I agree that Irving was never "struggling" in the sense of wanting for fame (he was the first American to achieve an international literary reputation), but he was often plagued by self-doubt and feelings of inadequacies. I think there are some parallels, therefore, to the character of Ichabod and the author himself.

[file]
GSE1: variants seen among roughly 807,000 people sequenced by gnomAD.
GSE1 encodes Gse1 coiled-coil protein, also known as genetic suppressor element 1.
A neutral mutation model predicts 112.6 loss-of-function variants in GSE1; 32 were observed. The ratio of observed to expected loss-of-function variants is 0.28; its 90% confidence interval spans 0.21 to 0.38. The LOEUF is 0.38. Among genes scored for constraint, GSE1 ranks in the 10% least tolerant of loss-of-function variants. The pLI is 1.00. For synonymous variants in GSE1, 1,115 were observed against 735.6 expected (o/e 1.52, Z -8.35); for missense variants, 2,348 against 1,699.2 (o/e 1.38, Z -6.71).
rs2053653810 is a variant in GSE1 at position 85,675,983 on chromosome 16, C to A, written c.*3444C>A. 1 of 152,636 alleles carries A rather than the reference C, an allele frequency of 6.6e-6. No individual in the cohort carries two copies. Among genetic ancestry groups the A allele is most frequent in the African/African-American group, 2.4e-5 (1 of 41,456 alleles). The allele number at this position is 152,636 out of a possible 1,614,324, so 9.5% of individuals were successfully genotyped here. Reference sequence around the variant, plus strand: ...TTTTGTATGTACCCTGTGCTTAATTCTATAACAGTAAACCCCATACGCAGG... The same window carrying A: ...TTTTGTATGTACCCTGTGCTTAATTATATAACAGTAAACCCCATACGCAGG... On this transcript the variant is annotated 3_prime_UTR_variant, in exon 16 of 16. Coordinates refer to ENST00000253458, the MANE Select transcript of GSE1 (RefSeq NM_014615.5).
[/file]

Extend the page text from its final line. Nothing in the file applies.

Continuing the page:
I think he may have been being playful with his own perceived shortcomings as he created Ichabod. In his essay "The Author's Account of Himself" he talks about the "moral" of "The Legend of Sleepy Hollow." Rhetorically asking what did the story prove, Irving responds "(t)hat there is no situation in life but has its advantages and pleasures, provided we will but take a joke as we find it; that therefore, he that runs races with goblin troopers, is likely to have a rough time of it."